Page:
Here we are arriving for our day.
As we made our way to the educational building where the special "Studio" programs are held, we stopped to watch this team of Oxen get yolked up for a day of ploughing the fields.
The educational building was like nothing I'd ever seen before, but if I were to sit down and design exactly what I would like for a learning space, it would look pretty darned close to this. Rather than classrooms, there were tables and benches in nooks and lofts clustered around enormous stone fireplaces, giant looms and spinning wheels, antique farm and home implements, and all manner of hand-crafted goods. Enormous windows brought in abundant natural lighting, and the acoustics were such that even though there were no physical walls between class spaces, there was no noise interference from other spaces being used at the same time. This photo is of J in his "Games" studio.
Both boys participated in a "Games" session, but at different times divided by age. Here Zoo Boy demonstrates the "Buzz Saw" toy that they made in both his 5-7 yr group and J's 9-12 yr group. They also discussed and played with other period toys, and played a fun listening game where each child was assigned a word and motion to perform when they heard the word during a story the instructor read out loud.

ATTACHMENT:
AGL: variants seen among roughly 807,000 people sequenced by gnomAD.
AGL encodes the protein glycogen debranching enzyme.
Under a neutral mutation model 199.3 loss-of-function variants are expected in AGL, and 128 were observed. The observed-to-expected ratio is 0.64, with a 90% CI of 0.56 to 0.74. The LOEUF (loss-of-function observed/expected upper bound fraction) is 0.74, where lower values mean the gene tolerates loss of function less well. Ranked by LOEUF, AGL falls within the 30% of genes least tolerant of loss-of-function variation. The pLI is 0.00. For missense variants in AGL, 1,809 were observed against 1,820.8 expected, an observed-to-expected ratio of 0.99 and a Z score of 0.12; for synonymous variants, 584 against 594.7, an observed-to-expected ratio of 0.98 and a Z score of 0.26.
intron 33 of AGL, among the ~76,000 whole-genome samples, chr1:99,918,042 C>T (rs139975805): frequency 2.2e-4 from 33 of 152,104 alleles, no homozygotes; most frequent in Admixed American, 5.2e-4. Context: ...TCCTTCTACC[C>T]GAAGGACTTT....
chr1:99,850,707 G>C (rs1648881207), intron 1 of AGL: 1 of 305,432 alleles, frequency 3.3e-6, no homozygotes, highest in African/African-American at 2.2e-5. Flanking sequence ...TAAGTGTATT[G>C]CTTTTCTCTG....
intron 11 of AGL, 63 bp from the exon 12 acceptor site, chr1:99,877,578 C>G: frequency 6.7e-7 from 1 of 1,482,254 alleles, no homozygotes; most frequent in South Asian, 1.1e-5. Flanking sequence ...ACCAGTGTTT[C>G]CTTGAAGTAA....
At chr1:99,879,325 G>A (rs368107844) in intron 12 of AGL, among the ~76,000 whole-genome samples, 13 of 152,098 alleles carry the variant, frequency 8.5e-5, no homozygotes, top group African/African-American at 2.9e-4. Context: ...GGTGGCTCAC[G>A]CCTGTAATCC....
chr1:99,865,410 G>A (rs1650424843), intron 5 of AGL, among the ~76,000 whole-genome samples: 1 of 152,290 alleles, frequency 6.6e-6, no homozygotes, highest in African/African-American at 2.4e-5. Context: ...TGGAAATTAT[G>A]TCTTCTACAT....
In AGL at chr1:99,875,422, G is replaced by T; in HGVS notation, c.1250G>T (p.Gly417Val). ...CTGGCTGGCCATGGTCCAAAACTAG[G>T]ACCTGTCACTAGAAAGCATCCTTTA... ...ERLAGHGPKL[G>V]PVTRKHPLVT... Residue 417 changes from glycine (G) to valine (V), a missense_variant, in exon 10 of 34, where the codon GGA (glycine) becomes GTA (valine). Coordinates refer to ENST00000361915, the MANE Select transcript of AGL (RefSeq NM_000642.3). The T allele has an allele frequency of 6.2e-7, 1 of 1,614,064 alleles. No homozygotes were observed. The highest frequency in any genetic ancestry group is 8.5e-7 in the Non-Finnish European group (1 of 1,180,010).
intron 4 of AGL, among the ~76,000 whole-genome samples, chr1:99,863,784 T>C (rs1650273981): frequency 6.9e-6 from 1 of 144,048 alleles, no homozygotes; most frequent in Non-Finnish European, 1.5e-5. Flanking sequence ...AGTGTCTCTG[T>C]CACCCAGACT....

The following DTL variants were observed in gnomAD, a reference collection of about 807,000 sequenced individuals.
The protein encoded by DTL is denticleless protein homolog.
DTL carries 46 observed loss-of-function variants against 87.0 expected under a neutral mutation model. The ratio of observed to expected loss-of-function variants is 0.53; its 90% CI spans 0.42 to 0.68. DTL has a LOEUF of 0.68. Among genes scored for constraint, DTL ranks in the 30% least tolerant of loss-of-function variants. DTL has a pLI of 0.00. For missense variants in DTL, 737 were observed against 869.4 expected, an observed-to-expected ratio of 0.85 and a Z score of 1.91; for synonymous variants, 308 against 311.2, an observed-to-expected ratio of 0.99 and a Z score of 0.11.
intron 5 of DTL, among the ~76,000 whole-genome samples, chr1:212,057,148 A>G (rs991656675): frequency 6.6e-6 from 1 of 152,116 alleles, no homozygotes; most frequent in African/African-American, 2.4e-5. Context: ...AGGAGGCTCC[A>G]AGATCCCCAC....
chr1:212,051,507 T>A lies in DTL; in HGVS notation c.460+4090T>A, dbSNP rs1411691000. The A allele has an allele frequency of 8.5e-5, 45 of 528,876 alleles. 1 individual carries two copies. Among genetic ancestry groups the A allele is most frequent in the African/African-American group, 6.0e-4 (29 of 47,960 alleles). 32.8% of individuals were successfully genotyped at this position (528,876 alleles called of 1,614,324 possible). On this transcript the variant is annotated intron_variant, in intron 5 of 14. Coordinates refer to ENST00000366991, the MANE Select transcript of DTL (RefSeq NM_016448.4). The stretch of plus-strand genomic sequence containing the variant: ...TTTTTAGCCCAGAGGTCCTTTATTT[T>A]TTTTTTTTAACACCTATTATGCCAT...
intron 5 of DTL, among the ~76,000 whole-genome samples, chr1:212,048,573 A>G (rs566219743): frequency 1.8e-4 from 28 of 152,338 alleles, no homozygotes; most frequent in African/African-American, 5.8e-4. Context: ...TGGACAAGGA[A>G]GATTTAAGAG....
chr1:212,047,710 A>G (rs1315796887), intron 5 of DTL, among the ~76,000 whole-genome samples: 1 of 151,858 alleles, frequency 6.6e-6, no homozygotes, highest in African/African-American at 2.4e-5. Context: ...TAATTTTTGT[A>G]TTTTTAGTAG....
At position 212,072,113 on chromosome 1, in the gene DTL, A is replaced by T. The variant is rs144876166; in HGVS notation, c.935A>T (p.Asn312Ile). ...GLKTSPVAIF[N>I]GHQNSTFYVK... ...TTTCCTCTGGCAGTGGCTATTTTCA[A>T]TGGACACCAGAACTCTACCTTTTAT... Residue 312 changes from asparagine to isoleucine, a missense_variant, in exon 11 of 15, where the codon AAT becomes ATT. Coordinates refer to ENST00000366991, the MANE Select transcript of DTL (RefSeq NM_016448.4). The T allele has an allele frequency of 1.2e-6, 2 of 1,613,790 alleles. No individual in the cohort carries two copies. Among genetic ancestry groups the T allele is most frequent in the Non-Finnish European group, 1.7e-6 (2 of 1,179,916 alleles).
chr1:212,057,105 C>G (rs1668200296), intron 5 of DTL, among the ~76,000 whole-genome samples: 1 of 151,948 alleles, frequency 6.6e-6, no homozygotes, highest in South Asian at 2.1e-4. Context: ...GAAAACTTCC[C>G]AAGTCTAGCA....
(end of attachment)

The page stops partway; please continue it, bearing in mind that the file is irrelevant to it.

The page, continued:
Both boys also participated in a "Farm" studio, again divided by age. Here Zoo Boy's studio is shown the type of rake from the period.
While J was busy in his farm studio, Zoo Boy and I strolled about the Village a bit. Here's a view across a small tributary of the Quinebaug River to the farm.
There was plenty of hands-on stuff to keep Zoo Boy occupied while we waited for J to finish up his studio. Here he creates some pseudo punched tin.
And here he tries to reassemble a broken vase, like an Archaeologist would.
Working the well pump.
The cider mill. The strong odor of crushed apple coming from within was a bit much for The Boy, so we didn't get to watch them working the mill inside, but we did find out that in the 1800s, the mill and the horse that worked it were rented out to families to make their own cider with. The family had to do all their own labor to make the cider, but it was much faster than doing it by hand with an at-home cider press.
The general store, purveyor of all sorts of authentic goods, including delicious fudge and warm cookies. (Mmmm....) We bought some to bring home to The Map Man. And most if it actually made it home to him.